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The Debt Adviser

Credit counseling vs. bankruptcy

Dear Debt Adviser,
How do you know what it the best solution to credit card debt? I am hearing bad things about bankruptcy and about credit counseling. We don't know which end is up? Help!!

Dear Pam,
The short answer is to stop charging right now! I do not know from your letter how much credit card debt you have, or your current income. Therefore, I do not know for sure if bankruptcy, credit counseling or something altogether different would work best for you to solve your current problem. We can, however, go over some options that may help you decide how best to address your credit card debt.

To begin with, before you consider any options, you need to know where you stand. This means you need to know:

  • How much income you have coming in each month;
  • What your expenses are; and
  • What your financial plans include for the short term (the next five years) and the long term.

These are basic questions that underpin most financial decisions, but ones which few people take the time to answer before plunging ahead. Now for the real work! Take a hard look at your spending and determine in what areas you can reduce expenses. Keep in mind that the sacrifices you make now will not last forever. Once your bills are paid, you can begin to spend money on cappuccinos or cable television again.

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Option 1: Pay off your debt yourself
Let's start with an option you did not mention. It's my favorite for a number of reasons, including cost and self-reliance. It may be possible for you to pay down your credit card debt yourself.

Begin by completing the exercise above to determine where you stand. Put the money you save by reducing expenses or maximizing income toward paying off your debt beginning with the account with the highest interest rate. Communicate with your creditors to let them know you are concerned about and committed to paying off your balances and request that your interest rates be lowered. The response from your creditors will be more favorable if your account is in good standing (no late payments) than if you have 30- to 60-day late payments. But it is only a phone call, and is worth the effort. In addition, some creditors offer hardship programs for persons who are having trouble making payments. As always, if you get an answer you don't like, ask to speak to a supervisor.

Keep track of the phone conversations; to whom you spoke, the agreement that was reached, etc. Get all concessions in interest charges, late fees or balance limits in writing.

Option 2: Credit counseling
A reputable credit counseling organization can offer you budgeting and debt management services and money management education. After meeting with a certified credit counselor, who will evaluate your current financial situation, you will be advised of your options. Your counselor most likely will recommend one of the following three things: Paying off the debt yourself; a debt management plan; or you will be referred to an outside agency or attorney for further assistance.

A debt management plan is a customized plan to pay off your debt in one to five years. The credit counseling agency works with your creditors on your behalf to have your interest rates lowered and fees reduced or eliminated. Creditors are often more willing to reduce interest rates and make other concessions when a consumer is enrolled in a debt management plan because it is a structured plan developed by an experienced credit counselor. On the plan, you would make one agreed upon payment to the credit counseling agency, which then pays your creditors.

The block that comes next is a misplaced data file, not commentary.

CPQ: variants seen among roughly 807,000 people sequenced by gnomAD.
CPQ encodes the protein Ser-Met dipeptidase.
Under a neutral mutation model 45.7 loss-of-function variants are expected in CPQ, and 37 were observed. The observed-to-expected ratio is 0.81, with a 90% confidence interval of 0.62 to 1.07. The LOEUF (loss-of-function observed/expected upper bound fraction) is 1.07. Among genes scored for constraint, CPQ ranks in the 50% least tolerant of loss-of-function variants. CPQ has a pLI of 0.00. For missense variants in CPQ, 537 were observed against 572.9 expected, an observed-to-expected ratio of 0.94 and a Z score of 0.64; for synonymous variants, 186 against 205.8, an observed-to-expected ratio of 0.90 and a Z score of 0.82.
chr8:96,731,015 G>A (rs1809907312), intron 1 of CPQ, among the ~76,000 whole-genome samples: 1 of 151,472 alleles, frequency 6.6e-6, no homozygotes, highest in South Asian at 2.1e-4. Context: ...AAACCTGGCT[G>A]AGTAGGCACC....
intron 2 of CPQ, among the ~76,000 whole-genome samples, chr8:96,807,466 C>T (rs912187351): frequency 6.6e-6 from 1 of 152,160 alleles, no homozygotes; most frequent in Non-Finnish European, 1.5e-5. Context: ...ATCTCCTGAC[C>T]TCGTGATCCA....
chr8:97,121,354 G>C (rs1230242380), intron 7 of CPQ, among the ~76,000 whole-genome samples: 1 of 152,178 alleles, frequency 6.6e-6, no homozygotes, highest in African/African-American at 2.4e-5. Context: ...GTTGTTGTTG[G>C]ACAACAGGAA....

To avoid any of the bad things you may have heard about credit counseling make sure you choose a nonprofit agency that spends at least 60 minutes discussing your situation and discloses to you all fees and payments required of you before you sign an agreement. Insist on getting a spending plan or budget as part of the process. Any agency that will not provide such a plan is not interested in you; it is interested only in fees. Don't do business with them, they can complicate your life more than you can imagine!

Option 3: Bankruptcy
I placed this option last because you will want to explore all other options before choosing bankruptcy. A Chapter 7 personal bankruptcy remains on your credit report for 10 years and can make it more expensive for you to obtain credit, insurance, security clearances, some licenses, gain employment or even rent an apartment. In our society, credit is becoming an increasingly pervasive feature of daily life and opportunity. To damage it unwittingly can cause heartache for years to come.

You sound like a take-care-of-yourself adult. Having to declare bankruptcy can also be seen as a real failure to make it on your own. Still, it may be your only option, without which you wouldn't have the chance to start over. All in all, it's an action you want to pursue only with your eyes open wide and with competent counsel advising you.

I hope I have given you enough information to begin researching for yourself the best way to pay down your credit card debt. Whichever option you choose, stop charging today! Good luck!

The Debt Adviser, Steve Bucci, is the president of Consumer Credit Counseling Service of Southern New England. Visit CCCS for additional debt advice or click here to ask a debt question.

-- Updated: March 19, 2004
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See Also
Debt help that isn't: Some credit counselors help themselves
Tips for choosing a credit counselor
Bankrate's Guide to Managing Credit
Financial advice glossary
More Debt Adviser stories


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